It’s not just “i before e”, with a whole lot of exceptions. The full rule is:
- <ei> is a phonogram for long /ā/ (eight), along with <ey> (they), that is, it makes a different sound to <ie>
- English is not a pure language and has many words from other languages. Many of the ei, ie words are Old French or Old English or Norse. There was a revision of the spelling of these words in the 17th Century.
- phonics – sounds in a word and the letters that may represent a sound
- rules – that govern the use of letters in words
- etymology -the history of a word or sound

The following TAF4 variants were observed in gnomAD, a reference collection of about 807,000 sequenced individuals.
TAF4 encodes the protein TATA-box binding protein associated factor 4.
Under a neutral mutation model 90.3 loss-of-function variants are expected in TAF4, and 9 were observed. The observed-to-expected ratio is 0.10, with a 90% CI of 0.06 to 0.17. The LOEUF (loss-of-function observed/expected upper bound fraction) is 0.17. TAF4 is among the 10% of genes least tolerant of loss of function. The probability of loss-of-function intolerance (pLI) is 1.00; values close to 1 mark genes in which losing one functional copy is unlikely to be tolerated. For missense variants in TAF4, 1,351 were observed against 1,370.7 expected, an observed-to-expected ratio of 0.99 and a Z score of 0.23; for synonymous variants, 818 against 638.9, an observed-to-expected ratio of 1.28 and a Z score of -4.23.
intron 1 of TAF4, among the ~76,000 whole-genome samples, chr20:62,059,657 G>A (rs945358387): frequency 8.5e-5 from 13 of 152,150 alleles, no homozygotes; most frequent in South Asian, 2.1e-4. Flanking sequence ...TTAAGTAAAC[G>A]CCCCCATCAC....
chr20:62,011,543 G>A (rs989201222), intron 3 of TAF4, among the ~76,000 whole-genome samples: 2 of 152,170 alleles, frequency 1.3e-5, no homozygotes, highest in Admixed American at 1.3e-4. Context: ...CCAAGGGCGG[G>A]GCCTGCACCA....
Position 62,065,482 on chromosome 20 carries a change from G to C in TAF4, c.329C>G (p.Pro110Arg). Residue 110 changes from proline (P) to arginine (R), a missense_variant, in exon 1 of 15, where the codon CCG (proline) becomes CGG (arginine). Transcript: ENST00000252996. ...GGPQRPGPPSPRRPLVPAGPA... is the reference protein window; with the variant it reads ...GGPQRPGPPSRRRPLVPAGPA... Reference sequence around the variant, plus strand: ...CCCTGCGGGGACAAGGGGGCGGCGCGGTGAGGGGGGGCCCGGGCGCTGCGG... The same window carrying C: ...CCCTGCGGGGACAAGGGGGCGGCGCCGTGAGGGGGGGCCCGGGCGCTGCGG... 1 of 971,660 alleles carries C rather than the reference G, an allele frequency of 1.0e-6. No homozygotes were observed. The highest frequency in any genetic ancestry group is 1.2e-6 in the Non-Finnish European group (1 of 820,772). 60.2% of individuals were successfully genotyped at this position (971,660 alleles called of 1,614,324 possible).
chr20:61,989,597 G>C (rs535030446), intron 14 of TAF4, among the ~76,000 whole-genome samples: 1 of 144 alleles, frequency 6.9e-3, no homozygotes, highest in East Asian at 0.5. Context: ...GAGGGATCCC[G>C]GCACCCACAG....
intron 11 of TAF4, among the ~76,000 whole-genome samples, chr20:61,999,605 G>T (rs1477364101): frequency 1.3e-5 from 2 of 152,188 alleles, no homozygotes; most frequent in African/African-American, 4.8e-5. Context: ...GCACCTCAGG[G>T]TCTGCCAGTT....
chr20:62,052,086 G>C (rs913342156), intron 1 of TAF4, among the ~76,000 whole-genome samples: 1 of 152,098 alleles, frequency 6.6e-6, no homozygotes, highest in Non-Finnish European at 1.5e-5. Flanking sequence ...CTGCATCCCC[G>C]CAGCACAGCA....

- morphology – the units of meaning in a word
If they learn using the above four areas then English becomes fascinating and incorporates a lot of history. Personally, I think these mugs should be binned as they can imply that English is random and crazy and it isn’t.
Go the extra mile and think about the spelling of a word. It will pay off.